Kevin Roe, General Manager of Celtic Cultural Center, 430 New Karner Road, Colonie, New York gave us a wide ranging interview on March 4, 2011. In this fourth in a series, Keven discusses concerts, exhibits, and bingo:

    Q: Does Albany have more Irish as a percentage of total population than Boston?

    A: Yes, that's correct. That comes from the US Census. The form people fill out has a space for ethnicity and national origin in the optional questions section. Of course, if you go to Boston, which is a big city, you can find places that have very high percentages of Irish. For instance, South Boston, which may have more people than the entire Capital District, is very high in people of Irish heritage.

    Q: There really is an audience for Irish Americana here, isn't there? As much that, as folk music appreciators.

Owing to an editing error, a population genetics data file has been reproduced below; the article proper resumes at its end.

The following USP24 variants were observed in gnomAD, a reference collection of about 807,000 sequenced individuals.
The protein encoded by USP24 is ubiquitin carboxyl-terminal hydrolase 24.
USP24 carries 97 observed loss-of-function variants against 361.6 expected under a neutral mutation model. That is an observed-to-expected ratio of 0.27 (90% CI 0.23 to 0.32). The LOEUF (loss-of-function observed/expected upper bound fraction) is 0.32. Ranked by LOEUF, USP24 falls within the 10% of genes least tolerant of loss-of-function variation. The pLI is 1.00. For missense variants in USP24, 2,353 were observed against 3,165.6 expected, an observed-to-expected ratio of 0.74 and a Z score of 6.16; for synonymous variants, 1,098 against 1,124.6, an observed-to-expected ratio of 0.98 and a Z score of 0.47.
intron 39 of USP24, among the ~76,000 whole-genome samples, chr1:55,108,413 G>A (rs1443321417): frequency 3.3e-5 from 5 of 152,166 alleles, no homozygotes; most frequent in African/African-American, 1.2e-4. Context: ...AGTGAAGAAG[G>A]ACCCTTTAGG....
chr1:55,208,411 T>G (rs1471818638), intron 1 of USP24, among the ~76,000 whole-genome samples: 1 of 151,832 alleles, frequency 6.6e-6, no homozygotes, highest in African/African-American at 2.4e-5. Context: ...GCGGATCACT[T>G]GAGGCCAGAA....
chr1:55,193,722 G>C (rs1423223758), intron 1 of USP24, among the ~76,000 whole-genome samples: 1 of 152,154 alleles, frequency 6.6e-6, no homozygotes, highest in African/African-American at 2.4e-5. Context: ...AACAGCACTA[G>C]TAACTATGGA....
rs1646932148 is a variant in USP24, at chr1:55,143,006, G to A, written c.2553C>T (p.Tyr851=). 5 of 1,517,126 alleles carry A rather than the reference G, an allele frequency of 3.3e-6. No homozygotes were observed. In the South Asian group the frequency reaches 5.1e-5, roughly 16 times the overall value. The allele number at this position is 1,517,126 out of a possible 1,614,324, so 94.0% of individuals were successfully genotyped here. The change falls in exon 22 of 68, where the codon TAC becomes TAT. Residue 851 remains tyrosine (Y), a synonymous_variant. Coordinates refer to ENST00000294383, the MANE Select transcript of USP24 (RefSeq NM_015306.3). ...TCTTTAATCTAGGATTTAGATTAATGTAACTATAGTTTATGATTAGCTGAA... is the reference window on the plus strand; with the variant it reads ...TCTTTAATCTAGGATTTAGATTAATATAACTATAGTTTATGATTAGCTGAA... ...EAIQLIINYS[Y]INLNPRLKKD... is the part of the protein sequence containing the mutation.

A: Yes, in our neck of the woods, the people often know the Irish songs.

    Regarding concerts at the previous Hall location in East Greenbush, we brought in four or five national touring acts in Irish and Scottish traditional music to play at the Hall, open to the public at very reasonable fees. They were expensive for the Hall. We had to underwrite all of those. We would have had to draw in 500 people to break even, and we never planned that we would. Each concert cost us between advertising, sound and lights, performer fees, etc. between $3,500 and $5,000. With the reorganization of the Hall, we cannot justify such concerts at this time. We will be presenting top notch Irish and Scottish traditional music again, but it won't be until the fall before we can justify that kind of expense. Maybe we can find some of our old musician friends who will appear for a discounted fee. I am talking to a couple of groups who are willing to do that, and it's a matter of finding times and dates.